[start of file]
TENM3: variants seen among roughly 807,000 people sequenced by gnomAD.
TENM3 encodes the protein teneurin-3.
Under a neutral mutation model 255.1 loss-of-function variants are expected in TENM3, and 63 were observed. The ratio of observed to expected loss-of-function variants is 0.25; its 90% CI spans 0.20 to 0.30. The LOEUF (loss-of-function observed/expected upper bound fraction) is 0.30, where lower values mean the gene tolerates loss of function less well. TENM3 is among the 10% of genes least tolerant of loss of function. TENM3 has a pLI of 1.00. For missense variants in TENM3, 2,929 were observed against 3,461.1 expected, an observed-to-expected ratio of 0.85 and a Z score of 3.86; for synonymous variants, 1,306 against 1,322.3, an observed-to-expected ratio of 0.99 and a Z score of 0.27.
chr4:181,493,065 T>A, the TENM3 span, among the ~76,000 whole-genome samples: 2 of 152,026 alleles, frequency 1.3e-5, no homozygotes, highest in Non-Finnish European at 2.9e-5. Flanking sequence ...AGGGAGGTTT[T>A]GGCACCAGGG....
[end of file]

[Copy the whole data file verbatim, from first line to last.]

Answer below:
TENM3: variants seen among roughly 807,000 people sequenced by gnomAD.
TENM3 encodes the protein teneurin-3.
Under a neutral mutation model 255.1 loss-of-function variants are expected in TENM3, and 63 were observed. The ratio of observed to expected loss-of-function variants is 0.25; its 90% CI spans 0.20 to 0.30. The LOEUF (loss-of-function observed/expected upper bound fraction) is 0.30, where lower values mean the gene tolerates loss of function less well. TENM3 is among the 10% of genes least tolerant of loss of function. TENM3 has a pLI of 1.00. For missense variants in TENM3, 2,929 were observed against 3,461.1 expected, an observed-to-expected ratio of 0.85 and a Z score of 3.86; for synonymous variants, 1,306 against 1,322.3, an observed-to-expected ratio of 0.99 and a Z score of 0.27.
chr4:181,493,065 T>A, the TENM3 span, among the ~76,000 whole-genome samples: 2 of 152,026 alleles, frequency 1.3e-5, no homozygotes, highest in Non-Finnish European at 2.9e-5. Flanking sequence ...AGGGAGGTTT[T>A]GGCACCAGGG....